The Edward W. Powers Charitable Fund donated $100,000 to the Women in Science and Engineering Career Day at a press conference on Wednesday.
Catherine Powers, Powers’ great-niece, presented the check to YSU President Cynthia Anderson in Moser Hall’s thermodynamic laboratory.
Anderson said it was important to hold the press conference there because it’s where students receive the most hands-on experience.
“This gift will enhance and expand career day and ultimately affect and inspire women in this Valley and beyond to pursue careers in science and engineering,” Anderson said during the press conference.
Anderson also announced a name change for the event. It will now be known as the Edward W. Powers Women in Science and Engineering Career Day. This year’s event will be held on March 3.
The career day brings in female students from area high schools to witness lab demonstrations; meet with women in science, technology, engineering and mathematics fields; and ask questions about potential job opportunities.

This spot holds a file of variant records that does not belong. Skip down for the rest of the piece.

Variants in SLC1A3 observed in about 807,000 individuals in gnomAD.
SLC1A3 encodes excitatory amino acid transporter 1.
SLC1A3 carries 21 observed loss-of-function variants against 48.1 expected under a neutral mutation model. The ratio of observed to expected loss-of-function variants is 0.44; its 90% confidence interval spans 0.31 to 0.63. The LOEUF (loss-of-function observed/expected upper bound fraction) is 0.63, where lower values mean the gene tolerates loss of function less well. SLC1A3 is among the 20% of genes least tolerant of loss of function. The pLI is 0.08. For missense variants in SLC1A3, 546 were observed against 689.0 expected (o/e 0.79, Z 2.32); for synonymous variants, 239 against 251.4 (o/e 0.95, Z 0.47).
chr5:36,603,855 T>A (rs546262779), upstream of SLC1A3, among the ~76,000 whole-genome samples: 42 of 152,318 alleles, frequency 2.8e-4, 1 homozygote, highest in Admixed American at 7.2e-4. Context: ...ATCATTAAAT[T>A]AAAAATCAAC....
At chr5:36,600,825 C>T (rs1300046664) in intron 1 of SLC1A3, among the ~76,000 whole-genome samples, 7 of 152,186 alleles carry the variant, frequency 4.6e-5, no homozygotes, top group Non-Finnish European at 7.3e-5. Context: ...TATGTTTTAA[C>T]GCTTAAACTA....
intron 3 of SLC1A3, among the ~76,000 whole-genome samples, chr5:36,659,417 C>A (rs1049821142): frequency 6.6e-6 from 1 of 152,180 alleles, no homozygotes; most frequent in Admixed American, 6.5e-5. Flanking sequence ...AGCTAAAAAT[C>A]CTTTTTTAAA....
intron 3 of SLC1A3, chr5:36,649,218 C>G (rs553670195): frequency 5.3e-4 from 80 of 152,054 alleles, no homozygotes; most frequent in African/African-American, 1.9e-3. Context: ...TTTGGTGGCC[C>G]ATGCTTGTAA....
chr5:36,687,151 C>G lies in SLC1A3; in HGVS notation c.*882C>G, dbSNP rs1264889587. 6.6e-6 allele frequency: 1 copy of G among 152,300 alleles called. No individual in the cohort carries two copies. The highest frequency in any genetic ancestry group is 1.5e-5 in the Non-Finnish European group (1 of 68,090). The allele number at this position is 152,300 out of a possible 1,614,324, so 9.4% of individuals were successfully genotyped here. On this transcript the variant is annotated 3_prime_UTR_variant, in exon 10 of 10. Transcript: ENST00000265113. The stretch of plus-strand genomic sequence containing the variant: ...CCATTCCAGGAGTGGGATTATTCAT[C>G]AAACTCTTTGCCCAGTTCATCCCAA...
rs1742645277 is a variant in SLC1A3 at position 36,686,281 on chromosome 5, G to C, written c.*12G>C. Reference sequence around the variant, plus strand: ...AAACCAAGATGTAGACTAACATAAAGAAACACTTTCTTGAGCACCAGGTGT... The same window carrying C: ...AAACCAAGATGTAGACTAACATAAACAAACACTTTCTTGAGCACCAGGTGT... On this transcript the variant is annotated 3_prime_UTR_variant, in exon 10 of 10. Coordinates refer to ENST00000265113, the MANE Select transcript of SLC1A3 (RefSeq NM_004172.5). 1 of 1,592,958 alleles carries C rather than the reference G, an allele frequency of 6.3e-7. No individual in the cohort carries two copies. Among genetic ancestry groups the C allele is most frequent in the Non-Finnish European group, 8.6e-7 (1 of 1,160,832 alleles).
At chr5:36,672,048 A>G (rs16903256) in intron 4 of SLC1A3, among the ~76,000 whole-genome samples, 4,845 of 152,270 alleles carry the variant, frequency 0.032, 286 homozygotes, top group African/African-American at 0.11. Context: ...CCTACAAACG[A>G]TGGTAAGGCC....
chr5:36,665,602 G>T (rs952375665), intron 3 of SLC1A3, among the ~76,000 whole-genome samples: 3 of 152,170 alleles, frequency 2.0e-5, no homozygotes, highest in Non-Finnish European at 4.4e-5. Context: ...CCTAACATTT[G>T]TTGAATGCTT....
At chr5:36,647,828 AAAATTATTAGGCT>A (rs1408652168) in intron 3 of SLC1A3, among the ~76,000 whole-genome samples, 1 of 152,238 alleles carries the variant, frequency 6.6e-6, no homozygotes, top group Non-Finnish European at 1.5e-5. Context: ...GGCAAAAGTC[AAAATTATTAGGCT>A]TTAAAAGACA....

Powers couldn’t stop smiling as she presented the check in honor of her great-uncle.
“I am so thrilled,” Powers said. “He had some rough edges; he intimidated some people. So, [with] this, I get to show the other side of him, because he was a very caring man.”
Powers said her great-uncle cared immensely about education and is thrilled to have this career day in his name.
She plans to continue supporting the program.
The donation will go toward expanding career day, as well as bringing in Pamela Gay of Southern Illinois University as the event’s keynote speaker.
“Traditionally, women have been under-represented [in STEM fields],” said Diana Fagen, an associate professor of biology, during the press conference.
She added that this under-representation isn’t due to lack of education, but rather to the lack of role models to encourage women to enter these fields.
Martin Abraham, dean of STEM, said he hopes that enhancing the program will encourage high school students to attend YSU.
“It’s important to get them at as early an age as we can. As soon as we can get them on campus, and they can see what they can do, we hope it’ll encourage them,” Abraham said. “This is about role models, and that this is a reasonable career choice for them.”